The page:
Local charity marks its 10th year of taking school children to walk the Jurassic Coast, raising more than £150,000 to help people recover from cancer
The Malcolm Whales Foundation, a charity established in 2008 by former Ely College-teacher Damien Whales in memory of his father, is preparing for its 10th annual Dorset Walk along the Jurassic Coast.
More than 150 schoolchildren and teachers from Ely, Peterborough and Northamptonshire will take part in the event, walking 40 miles of the South West Coast Path from Weymouth to Studland Bay over three days, from 13-15 July. Each will have raised an average of around £100 to participate, and will also rattle buckets to raise more as they walk, passing features familiar from their geography textbooks such as Lulworth Cove, Durdle Door and Old Harry. The walkers also clean up the trail as they go, helping maintain some of the National Trust’s most beautiful coastal countryside.
The Foundation has raised more than £150,000 from the event since its launch 10 years ago, and uses the money to provide practical help for young people recovering from cancer and other life-changing illnesses. In recent years, it has helped Grafham Water Sailability buy a new boat and get more disabled young people afloat, it has enabled The Harry Johnson Trust to build a sensory garden at The Princess Royal Hospital Telford, it has donated iPads to the children’s cancer ward at Addenbrookes Hospital in Cambridge, it enables Edgar’s Gift to provide a free six week break at a holiday retreat each year for families recovering from cancer, and it provides funds annually to Climbing Out, so that 16 young cancer survivors’ can re-build their confidence and self-esteem on a challenging outdoor adventure.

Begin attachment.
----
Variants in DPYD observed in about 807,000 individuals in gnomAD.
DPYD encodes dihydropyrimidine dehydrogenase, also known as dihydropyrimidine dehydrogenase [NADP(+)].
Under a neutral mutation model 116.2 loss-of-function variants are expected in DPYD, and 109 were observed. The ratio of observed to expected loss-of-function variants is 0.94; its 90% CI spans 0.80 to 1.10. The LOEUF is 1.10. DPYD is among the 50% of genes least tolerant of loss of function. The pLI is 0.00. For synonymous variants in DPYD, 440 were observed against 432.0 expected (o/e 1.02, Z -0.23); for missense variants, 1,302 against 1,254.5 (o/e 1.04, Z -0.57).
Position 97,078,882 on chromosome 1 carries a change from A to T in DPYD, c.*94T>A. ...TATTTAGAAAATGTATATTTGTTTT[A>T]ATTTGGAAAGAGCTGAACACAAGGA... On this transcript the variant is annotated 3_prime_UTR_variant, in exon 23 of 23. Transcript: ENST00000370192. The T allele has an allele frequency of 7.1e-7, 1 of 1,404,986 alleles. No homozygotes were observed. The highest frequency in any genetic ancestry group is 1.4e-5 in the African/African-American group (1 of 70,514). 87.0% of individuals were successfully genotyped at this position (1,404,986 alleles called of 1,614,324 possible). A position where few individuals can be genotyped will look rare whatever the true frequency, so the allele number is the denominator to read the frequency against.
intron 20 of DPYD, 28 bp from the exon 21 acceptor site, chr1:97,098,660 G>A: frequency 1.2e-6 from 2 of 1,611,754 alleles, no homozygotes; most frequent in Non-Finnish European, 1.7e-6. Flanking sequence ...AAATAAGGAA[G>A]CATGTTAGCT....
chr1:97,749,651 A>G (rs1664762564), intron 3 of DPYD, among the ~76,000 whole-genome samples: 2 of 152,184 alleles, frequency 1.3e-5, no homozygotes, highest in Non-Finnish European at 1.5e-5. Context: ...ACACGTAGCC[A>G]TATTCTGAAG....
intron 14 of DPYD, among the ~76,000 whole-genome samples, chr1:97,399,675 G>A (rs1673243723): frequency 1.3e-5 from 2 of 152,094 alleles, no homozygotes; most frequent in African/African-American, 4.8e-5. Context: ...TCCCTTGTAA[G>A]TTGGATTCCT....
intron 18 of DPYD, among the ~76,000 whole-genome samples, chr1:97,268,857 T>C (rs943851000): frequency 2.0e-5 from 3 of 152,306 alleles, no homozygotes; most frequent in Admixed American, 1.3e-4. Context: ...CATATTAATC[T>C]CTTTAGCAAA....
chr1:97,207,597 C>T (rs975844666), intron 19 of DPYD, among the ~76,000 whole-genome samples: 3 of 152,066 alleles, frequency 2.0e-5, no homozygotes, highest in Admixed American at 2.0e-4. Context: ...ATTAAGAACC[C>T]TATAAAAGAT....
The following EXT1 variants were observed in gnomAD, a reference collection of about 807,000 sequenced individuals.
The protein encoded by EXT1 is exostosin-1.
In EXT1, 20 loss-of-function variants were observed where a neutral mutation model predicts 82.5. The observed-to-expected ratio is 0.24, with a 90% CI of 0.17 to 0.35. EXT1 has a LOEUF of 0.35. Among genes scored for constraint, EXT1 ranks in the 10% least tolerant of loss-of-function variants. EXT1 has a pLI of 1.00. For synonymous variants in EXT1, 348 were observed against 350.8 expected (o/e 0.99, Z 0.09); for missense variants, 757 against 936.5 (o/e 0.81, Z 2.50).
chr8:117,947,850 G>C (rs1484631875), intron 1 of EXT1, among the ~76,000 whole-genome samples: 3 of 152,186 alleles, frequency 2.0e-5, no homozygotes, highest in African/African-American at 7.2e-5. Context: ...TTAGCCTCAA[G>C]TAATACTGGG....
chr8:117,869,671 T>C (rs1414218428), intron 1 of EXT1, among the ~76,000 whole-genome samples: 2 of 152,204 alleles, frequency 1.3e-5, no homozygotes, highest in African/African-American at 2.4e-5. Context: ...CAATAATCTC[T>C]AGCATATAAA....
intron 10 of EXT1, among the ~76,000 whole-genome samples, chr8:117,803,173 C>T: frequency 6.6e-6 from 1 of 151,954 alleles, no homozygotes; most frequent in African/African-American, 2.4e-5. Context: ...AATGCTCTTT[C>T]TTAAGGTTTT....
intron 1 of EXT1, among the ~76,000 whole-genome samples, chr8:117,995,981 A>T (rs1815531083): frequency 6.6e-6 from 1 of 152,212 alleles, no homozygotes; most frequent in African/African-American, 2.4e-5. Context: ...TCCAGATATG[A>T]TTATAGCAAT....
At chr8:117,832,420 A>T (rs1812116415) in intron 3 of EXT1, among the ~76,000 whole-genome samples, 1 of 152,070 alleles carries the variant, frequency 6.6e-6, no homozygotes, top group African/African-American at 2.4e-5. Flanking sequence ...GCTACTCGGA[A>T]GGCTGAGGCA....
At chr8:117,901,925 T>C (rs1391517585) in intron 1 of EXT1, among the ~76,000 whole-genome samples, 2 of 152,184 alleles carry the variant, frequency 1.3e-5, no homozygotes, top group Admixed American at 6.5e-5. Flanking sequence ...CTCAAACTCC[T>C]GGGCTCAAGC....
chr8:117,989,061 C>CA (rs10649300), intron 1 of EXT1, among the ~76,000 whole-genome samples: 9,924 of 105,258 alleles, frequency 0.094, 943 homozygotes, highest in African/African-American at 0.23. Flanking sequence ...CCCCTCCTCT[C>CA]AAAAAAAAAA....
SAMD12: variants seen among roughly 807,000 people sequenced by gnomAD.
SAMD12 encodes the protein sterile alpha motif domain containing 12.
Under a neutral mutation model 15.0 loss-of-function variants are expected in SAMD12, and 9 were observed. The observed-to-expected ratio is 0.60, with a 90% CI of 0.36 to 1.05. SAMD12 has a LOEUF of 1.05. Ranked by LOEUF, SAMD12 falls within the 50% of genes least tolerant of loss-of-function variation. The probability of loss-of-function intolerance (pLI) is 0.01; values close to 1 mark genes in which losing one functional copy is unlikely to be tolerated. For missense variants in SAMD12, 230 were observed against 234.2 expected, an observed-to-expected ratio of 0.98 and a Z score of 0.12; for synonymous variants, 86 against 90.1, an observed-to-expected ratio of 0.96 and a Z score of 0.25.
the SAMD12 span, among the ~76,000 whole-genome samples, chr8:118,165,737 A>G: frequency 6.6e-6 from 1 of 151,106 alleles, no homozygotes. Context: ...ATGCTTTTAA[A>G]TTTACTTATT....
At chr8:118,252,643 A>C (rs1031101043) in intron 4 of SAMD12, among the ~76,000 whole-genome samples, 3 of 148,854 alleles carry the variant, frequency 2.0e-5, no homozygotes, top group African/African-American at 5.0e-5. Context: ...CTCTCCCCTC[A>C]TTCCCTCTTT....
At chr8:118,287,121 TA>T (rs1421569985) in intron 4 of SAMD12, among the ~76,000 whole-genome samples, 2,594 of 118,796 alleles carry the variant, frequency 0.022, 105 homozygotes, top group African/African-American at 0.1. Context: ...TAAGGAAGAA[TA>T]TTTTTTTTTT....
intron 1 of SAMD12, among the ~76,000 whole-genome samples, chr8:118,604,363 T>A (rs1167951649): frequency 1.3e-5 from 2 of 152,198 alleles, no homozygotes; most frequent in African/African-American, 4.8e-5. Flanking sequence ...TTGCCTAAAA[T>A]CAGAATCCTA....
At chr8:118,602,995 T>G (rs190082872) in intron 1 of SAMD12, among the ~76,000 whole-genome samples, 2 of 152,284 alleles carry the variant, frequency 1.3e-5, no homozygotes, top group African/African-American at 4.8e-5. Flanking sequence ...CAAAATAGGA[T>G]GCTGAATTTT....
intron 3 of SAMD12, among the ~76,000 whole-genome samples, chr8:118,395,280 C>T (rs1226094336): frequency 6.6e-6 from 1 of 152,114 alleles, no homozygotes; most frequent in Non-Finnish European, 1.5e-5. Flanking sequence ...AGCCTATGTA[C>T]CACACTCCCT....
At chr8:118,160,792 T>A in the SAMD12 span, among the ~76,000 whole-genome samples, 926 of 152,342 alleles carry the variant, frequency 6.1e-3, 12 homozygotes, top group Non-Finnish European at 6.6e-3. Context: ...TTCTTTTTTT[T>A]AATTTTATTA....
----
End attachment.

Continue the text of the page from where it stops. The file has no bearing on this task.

Commenting on the event, Damien Whales, former Head of PE at Ely College, said: “I am always blown away by the amount of support we get for this walk, both from the walkers themselves and their schools, and also from our generous sponsors. Ten years ago, as I took just 30 Ely students to Weymouth, I would never have dreamed that some of them would now be involved in running the Foundation, nor that we would be able to help so many people through the funds we’ve raised since. It’s become a proper logistical operation now, and is hard to pull off alongside my day-job, but I know my dad would have little sympathy for that. I’m fairly sure he’d be proud of what we’re doing in his name.”
Malcolm Whales was only 55 years old when he died of bowel cancer in 2008. Shortly before his diagnosis, he had taken an interest in endurance challenges and in particular long distance walks, and so Damien thought these would be a fitting way of remembering him. The Foundation also raises money through sponsored golf days, rugby matches and a ’12 hours of sport’ event at several schools.
Commenting on the impact of the walk, Ben Gibbs, an Ely-based Patron of the Foundation, said: “So many things impress me about these walks, but what strikes me most powerfully is watching some of the young walkers overcome their own personal challenges and develop as the miles take their toll. It really is a privilege to walk with these young fundraisers, and also to walk alongside those who have themselves battled cancer and other illnesses. As a Foundation, we are really grateful to Ely College and the other schools involved for their support, and for recognising the significant educational value of the walk for their students.”
The Foundation is always looking for charities and worthy causes to support, and also welcomes interest from companies or individuals who wish to sponsor its events. To find out more, see www.malcolmwhales.co.uk. To give to the Foundation, please see: http://www.malcolmwhales.co.uk/donate/4539153919